$("#btn-show-time").click(function() {
      $("#time-output").text(moment().format('MMMM Do YYYY, h:mm:ss a'));
   });
});

.csharpcode, .csharpcode pre
{
font-size: small;
color: black;
font-family: consolas, “Courier New”, courier, monospace;
background-color: #ffffff;
/*white-space: pre;*/
}
.csharpcode pre { margin: 0em; }
.csharpcode .rem { color: #008000; }
.csharpcode .kwrd { color: #0000ff; }
.csharpcode .str { color: #006080; }
.csharpcode .op { color: #0000c0; }
.csharpcode .preproc { color: #cc6633; }
.csharpcode .asp { background-color: #ffff00; }
.csharpcode .html { color: #800000; }
.csharpcode .attr { color: #ff0000; }
.csharpcode .alt
{
background-color: #f4f4f4;
width: 100%;
margin: 0em;
}
.csharpcode .lnum { color: #606060; }

require operates asynchronously, so the callback occurs when all dependencies have been fulfilled.  Remember, RequireJS tracks what dependencies have been fulfilled and will not download those files again.  This means if you ask for the same dependency more than once, it will not download it again, but simply reuse it.

In some cases you may need a library which doesnt export anything but rather extends an existing library, bootstrap is such an example.  To leverage this, there are a couple of options that it is useful to be aware of.

Based on our current design, we have indicated that bootstrap will depend on the jquery dependency, but it will not export anything.  If nothing is exported that it cannot be injected (unless it was previously written as a RequireJS module).  In this case, we need only add the dependency as an unmapped parameter.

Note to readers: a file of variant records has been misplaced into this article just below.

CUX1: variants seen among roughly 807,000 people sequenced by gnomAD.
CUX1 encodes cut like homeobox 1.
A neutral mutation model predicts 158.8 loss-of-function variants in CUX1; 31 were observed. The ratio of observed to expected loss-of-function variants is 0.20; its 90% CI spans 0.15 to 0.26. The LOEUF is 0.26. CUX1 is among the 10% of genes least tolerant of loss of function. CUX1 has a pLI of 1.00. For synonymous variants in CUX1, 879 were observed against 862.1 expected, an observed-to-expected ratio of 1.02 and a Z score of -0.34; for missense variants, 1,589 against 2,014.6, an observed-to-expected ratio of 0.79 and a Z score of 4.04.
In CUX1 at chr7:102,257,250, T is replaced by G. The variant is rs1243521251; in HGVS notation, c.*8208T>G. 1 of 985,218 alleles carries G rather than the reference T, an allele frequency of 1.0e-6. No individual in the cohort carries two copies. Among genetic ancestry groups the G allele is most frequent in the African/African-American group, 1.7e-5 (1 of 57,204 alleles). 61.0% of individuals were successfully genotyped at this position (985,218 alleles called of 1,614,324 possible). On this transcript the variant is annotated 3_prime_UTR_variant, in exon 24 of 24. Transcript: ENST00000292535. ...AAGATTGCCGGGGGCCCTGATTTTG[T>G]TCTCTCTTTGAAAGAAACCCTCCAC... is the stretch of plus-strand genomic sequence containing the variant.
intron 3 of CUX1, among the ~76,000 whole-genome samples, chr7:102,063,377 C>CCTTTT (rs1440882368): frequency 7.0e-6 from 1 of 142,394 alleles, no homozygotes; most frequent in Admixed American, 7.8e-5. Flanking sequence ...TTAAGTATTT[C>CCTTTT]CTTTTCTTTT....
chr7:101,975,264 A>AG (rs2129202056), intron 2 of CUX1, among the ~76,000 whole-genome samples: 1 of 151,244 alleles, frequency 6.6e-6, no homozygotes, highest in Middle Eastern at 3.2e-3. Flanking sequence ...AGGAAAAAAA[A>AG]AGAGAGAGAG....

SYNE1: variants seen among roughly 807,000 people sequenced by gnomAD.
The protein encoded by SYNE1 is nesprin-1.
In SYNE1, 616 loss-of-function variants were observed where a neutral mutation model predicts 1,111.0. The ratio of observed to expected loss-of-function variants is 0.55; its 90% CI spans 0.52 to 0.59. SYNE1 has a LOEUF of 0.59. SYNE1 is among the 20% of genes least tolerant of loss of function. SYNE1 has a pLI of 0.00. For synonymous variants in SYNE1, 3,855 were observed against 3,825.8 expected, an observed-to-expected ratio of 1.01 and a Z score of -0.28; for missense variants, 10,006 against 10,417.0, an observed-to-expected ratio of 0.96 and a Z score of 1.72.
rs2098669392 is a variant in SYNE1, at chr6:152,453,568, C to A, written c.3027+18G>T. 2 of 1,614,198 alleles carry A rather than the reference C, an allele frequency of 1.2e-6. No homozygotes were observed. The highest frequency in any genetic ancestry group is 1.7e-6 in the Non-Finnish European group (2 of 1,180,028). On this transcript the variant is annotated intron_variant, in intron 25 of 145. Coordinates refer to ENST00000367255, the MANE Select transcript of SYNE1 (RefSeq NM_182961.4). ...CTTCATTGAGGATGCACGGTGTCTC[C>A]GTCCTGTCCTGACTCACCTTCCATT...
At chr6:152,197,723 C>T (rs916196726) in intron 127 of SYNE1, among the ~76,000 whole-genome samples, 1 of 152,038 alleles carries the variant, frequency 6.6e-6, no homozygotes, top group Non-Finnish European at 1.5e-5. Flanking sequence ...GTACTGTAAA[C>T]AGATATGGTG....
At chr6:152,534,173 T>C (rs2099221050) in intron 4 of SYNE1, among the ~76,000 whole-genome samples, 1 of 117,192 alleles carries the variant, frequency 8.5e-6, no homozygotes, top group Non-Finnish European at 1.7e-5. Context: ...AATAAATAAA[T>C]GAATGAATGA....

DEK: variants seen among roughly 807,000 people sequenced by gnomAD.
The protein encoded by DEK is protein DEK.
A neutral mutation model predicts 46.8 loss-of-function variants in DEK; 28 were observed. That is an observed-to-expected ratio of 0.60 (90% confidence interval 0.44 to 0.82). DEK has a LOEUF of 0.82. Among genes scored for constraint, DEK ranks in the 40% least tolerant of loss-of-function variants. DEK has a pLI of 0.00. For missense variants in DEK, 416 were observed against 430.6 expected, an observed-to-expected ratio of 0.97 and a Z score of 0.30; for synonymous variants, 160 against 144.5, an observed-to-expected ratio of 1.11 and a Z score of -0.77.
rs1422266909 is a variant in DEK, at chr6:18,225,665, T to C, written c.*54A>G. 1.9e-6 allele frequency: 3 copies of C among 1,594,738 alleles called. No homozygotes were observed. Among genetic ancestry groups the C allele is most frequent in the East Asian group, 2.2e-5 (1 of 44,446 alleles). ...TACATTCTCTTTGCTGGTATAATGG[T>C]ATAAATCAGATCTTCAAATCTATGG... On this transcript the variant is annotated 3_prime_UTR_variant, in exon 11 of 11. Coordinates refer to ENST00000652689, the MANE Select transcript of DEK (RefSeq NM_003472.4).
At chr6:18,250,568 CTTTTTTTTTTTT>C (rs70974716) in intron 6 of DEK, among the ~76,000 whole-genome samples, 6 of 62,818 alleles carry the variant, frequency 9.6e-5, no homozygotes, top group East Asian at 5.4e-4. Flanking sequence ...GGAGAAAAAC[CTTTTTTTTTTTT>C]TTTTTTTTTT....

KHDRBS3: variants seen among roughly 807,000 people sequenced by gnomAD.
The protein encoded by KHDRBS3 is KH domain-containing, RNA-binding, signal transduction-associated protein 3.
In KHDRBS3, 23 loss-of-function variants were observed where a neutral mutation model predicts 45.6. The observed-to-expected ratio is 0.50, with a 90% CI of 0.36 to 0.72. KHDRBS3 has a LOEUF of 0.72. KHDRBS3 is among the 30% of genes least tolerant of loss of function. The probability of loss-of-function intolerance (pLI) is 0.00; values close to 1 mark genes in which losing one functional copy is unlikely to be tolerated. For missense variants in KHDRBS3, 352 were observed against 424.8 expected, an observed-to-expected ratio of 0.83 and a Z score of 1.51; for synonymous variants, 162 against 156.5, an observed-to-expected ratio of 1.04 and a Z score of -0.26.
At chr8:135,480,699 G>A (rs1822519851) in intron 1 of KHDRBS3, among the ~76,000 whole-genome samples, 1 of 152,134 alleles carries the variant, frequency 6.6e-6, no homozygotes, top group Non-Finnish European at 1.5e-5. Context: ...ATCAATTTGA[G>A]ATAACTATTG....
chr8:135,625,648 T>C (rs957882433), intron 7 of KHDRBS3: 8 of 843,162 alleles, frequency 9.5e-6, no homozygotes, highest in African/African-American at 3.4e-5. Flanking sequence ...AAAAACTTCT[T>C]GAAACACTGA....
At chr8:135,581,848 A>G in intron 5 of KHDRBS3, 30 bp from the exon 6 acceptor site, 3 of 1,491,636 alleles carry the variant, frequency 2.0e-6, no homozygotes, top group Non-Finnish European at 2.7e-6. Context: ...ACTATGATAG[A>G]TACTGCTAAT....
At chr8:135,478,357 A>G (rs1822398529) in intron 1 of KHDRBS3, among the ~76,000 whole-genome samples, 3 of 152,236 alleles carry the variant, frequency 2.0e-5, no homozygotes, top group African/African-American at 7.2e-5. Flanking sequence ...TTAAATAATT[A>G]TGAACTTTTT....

require(['jquery', 'moment', 'bootstrap'], function($, moment) {
   $("#btn-show-time").click(function() {
      $("#time-output").text(moment().format('MMMM Do YYYY, h:mm:ss a'));
   });
});

.csharpcode, .csharpcode pre
{
font-size: small;
color: black;
font-family: consolas, “Courier New”, courier, monospace;
background-color: #ffffff;
/*white-space: pre;*/
}
.csharpcode pre { margin: 0em; }
.csharpcode .rem { color: #008000; }
.csharpcode .kwrd { color: #0000ff; }
.csharpcode .str { color: #006080; }
.csharpcode .op { color: #0000c0; }
.csharpcode .preproc { color: #cc6633; }
.csharpcode .asp { background-color: #ffff00; }
.csharpcode .html { color: #800000; }
.csharpcode .attr { color: #ff0000; }
.csharpcode .alt
{
background-color: #f4f4f4;
width: 100%;
margin: 0em;
}
.csharpcode .lnum { color: #606060; }

You can do this with jQuery plug-ins as well, the JS file will be included and will simply add its functions to the jQuery object, just as Bootstrap did above.  Obviously, unmapped parameters must come at the end of the dependency chain.

The other option is not indicate that these dependencies export a common object, below is an updated shim configuration illustrating the changes we would make (notice I am not just including Bootstrap in this change).

    shim: {
        'jquery': { exports: 'jQuery' },
        'jquery.ui': { deps: ['jquery'], exports: 'jQuery' },